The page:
Near-surface or deep repositories of radioactive waste are being developed and evaluated all over the world. Also, existing repositories for low- and intermediate-level waste often need to be re-evaluated to extend their license or to obtain permission for final closure. The evaluation encompasses both a technical feasibility as well as a safety analysis. The long term safety is usually demonstrated by means of performance or safety assessment. For this purpose computer models are used that calculate the migration of radionuclides from the conditioned radioactive waste, through engineered barriers to the environment (groundwater, surface water, and biosphere). Integrated safety assessment modelling addresses all relevant radionuclide pathways from source to receptor (man), using in combination various computer codes in which the most relevant physical, chemical, mechanical, or even microbiological processes are mathematically described. SCK-CEN organizes training courses in Integrated safety assessment modelling that are intended for individuals who have either a controlling or supervising role within the national radwaste agencies or regulating authorities, or for technical experts that carry out the actual post-closure safety assessment for an existing or new repository. Courses are organised by the Department of Waste and Disposal

  19. Human Reliability in Probabilistic Safety Assessments

    International Nuclear Information System (INIS)

    Nunez Mendez, J.

    1989-01-01

    Nowadays a growing interest in environmental aspects is detected in our country. It implies an assessment of the risk involved in the industrial processes and installations in order to determine if those are into the acceptable limits. In these safety assessments, among which PSA (Probabilistic Safety Assessments), can be pointed out the role played by the human being in the system is one of the more relevant subjects (This relevance has been demonstrated in the accidents happened) . However, in Spain there aren't manuals specifically dedicated to asses the human contribution to risk in the frame of PSAs. This report aims to improve this situation providing: a) a theoretical background to help the reader in the understanding of the nature of the human error, b) a quid to carry out a Human Reliability Analysis and c) a selected overview of the techniques and methodologies currently applied in this area. (Author) 20 refs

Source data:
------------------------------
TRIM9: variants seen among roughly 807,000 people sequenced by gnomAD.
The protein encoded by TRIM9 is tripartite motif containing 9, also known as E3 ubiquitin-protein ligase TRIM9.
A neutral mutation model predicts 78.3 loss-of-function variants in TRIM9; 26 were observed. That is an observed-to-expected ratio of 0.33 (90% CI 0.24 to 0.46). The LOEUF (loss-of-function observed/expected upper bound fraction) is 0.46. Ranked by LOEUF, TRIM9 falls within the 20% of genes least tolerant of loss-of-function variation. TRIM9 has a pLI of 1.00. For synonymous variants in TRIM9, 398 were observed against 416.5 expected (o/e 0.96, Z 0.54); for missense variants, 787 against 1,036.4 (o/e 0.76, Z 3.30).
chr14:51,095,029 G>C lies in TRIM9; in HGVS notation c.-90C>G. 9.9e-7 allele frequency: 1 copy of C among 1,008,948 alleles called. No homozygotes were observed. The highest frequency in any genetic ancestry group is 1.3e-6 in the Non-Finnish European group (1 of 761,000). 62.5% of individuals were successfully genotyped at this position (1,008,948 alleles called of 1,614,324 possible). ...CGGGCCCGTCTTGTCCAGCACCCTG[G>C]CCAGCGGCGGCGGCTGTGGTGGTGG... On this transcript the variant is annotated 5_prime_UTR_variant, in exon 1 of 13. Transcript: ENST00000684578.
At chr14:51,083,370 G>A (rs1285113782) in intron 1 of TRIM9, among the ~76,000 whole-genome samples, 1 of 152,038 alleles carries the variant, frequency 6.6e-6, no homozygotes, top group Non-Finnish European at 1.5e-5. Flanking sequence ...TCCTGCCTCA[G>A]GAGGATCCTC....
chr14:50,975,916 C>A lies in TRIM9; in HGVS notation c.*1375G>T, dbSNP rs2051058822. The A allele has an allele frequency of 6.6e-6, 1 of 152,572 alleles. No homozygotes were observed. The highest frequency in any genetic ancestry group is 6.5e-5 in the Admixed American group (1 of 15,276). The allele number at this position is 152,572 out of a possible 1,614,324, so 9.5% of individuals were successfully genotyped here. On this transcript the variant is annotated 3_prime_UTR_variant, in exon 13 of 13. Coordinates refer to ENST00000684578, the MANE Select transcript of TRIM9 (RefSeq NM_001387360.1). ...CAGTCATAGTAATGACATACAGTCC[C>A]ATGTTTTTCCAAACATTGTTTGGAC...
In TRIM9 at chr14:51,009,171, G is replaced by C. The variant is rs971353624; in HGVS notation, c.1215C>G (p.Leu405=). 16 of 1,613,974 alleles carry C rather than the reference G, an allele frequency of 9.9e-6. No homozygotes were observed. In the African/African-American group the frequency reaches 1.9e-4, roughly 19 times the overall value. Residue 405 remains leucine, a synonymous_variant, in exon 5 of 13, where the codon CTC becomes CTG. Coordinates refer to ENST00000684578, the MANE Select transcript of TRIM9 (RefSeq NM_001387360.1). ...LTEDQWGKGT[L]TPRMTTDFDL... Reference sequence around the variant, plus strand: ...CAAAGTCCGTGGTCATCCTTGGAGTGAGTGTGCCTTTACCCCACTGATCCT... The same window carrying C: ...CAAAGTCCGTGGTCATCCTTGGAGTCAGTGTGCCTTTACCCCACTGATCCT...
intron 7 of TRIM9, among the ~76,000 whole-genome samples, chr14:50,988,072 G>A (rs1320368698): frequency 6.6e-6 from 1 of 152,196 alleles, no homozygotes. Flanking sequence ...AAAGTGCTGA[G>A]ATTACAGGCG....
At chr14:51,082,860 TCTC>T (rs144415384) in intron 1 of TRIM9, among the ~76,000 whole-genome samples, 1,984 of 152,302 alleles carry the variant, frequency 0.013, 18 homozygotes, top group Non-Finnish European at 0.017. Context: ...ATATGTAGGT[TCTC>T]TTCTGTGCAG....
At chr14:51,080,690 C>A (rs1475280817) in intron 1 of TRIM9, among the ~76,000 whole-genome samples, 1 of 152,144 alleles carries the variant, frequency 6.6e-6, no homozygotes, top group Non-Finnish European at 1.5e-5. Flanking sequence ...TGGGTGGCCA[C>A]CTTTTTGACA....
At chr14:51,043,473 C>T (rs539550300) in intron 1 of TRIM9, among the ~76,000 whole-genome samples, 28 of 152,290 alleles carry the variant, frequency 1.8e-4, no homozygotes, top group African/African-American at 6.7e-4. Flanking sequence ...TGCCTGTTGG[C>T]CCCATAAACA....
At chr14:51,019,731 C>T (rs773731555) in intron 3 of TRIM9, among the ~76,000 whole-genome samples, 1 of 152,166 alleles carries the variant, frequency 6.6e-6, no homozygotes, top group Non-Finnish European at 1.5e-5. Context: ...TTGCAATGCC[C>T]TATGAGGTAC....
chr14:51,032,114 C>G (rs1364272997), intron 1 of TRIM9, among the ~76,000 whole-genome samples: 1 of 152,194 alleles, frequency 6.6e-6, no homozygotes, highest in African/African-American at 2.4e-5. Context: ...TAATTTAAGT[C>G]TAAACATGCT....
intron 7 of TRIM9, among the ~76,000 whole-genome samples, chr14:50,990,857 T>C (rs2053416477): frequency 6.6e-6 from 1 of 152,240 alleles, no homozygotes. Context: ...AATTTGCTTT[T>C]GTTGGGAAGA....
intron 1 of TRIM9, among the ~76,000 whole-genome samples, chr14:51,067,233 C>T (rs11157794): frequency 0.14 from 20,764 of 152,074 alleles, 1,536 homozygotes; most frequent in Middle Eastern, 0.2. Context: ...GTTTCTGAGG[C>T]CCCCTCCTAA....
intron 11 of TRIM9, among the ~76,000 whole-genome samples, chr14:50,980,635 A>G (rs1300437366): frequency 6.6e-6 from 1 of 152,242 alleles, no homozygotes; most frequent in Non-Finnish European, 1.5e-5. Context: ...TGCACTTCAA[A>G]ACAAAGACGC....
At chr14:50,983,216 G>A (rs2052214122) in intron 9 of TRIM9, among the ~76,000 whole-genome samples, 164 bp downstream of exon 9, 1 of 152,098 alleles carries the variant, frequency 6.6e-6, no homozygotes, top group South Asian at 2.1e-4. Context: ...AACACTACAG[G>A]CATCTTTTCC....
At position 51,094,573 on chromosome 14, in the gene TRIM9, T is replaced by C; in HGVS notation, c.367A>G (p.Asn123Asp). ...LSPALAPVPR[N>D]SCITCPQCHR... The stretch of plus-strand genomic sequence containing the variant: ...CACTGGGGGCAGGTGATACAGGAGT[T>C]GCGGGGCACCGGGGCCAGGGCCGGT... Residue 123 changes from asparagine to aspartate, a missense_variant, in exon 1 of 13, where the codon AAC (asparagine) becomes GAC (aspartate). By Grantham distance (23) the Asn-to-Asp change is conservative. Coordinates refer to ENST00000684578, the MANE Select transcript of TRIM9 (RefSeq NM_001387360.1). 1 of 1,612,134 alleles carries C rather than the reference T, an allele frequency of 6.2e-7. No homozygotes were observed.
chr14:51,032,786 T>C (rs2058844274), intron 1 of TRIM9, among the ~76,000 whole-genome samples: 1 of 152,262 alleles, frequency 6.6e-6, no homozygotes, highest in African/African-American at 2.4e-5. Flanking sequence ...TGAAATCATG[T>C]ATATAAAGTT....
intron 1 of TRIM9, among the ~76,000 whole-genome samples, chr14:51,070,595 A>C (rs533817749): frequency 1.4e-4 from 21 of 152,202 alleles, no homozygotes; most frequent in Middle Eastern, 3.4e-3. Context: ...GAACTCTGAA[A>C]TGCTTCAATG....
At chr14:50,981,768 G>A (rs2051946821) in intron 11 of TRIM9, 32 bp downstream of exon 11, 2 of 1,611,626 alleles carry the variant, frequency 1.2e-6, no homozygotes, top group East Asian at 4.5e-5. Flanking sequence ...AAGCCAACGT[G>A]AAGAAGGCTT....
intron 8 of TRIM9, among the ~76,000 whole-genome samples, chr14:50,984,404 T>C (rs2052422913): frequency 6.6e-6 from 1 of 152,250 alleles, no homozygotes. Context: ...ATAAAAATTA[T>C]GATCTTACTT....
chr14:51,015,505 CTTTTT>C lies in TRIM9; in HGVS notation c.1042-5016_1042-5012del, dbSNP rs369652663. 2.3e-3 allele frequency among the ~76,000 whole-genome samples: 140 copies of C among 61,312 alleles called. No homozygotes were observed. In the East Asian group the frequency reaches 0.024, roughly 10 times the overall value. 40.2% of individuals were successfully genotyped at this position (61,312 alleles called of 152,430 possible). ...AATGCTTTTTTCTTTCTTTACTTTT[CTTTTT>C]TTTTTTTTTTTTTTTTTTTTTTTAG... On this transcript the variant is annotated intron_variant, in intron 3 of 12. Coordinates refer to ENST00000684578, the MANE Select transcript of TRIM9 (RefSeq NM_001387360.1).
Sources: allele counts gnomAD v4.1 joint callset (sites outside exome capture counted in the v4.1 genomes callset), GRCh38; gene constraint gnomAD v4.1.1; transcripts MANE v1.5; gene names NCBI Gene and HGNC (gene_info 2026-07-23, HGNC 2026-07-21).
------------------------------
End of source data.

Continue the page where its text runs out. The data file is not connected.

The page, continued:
20. Interim process report for the safety assessment SR-Can

    International Nuclear Information System (INIS)

    Sellin, Patrick

    2004-08-01

    This report is a documentation of buffer processes identified as relevant to the long-term safety of a KBS-3 repository. The report is part of the interim reporting of the safety assessment SR-Can, see further the Interim main report. The final SR-Can reporting will support SKB's application to build an Encapsulation plant for spent nuclear fuel and is to be produced in 2006. The purpose of this report is to document the scientific knowledge of the processes to a level required for an adequate treatment in the safety assessment. The documentation is thus from a scientific point of not exhaustive since such a treatment is neither necessary for the purposes of the safety assessment nor possible within the scope of an assessment. The purpose is further to determine the handling of each process in the safety assessment and to demonstrate how uncertainties are taken care of, given the suggested handling. The process documentation in the SR 97 version of the Process report is a starting point for this SR-Can interim version. As further described in the Interim main report, the list of relevant processes has been reviewed and slightly extended by comparison to other databases. Furthermore, the backfill has been included as a system part of its own, rather than being described together with the buffer as in SR 97. Apart from giving an interim account of the documentation and handling of buffer processes in SR-Can, this report is meant to serve as a template for the forthcoming documentation of processes occurring in other parts of the repository system. A complete list of processes can be found in the Interim FEP report for the safety assessment SR-Can. All material presented in this document is preliminary in nature and will possibly be updated as the SR-Can project progresses

  1. Interim process report for the safety assessment SR-Can

    Energy Technology Data Exchange (ETDEWEB)

    Sellin, Patrick (ed.)

    2004-08-01